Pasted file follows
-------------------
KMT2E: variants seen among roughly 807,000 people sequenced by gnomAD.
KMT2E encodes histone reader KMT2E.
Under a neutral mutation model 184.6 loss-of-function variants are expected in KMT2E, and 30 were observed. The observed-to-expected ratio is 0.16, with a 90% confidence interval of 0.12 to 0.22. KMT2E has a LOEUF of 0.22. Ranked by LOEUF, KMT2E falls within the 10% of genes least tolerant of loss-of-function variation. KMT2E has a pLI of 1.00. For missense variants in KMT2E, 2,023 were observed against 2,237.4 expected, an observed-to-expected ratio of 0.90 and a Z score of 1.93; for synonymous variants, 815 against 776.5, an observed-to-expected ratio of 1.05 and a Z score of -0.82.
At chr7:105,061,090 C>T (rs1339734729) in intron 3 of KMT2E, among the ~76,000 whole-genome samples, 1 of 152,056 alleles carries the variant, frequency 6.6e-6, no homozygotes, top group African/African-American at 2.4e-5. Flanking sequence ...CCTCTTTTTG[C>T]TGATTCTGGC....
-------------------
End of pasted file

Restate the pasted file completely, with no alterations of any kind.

KMT2E: variants seen among roughly 807,000 people sequenced by gnomAD.
KMT2E encodes histone reader KMT2E.
Under a neutral mutation model 184.6 loss-of-function variants are expected in KMT2E, and 30 were observed. The observed-to-expected ratio is 0.16, with a 90% confidence interval of 0.12 to 0.22. KMT2E has a LOEUF of 0.22. Ranked by LOEUF, KMT2E falls within the 10% of genes least tolerant of loss-of-function variation. KMT2E has a pLI of 1.00. For missense variants in KMT2E, 2,023 were observed against 2,237.4 expected, an observed-to-expected ratio of 0.90 and a Z score of 1.93; for synonymous variants, 815 against 776.5, an observed-to-expected ratio of 1.05 and a Z score of -0.82.
At chr7:105,061,090 C>T (rs1339734729) in intron 3 of KMT2E, among the ~76,000 whole-genome samples, 1 of 152,056 alleles carries the variant, frequency 6.6e-6, no homozygotes, top group African/African-American at 2.4e-5. Flanking sequence ...CCTCTTTTTG[C>T]TGATTCTGGC....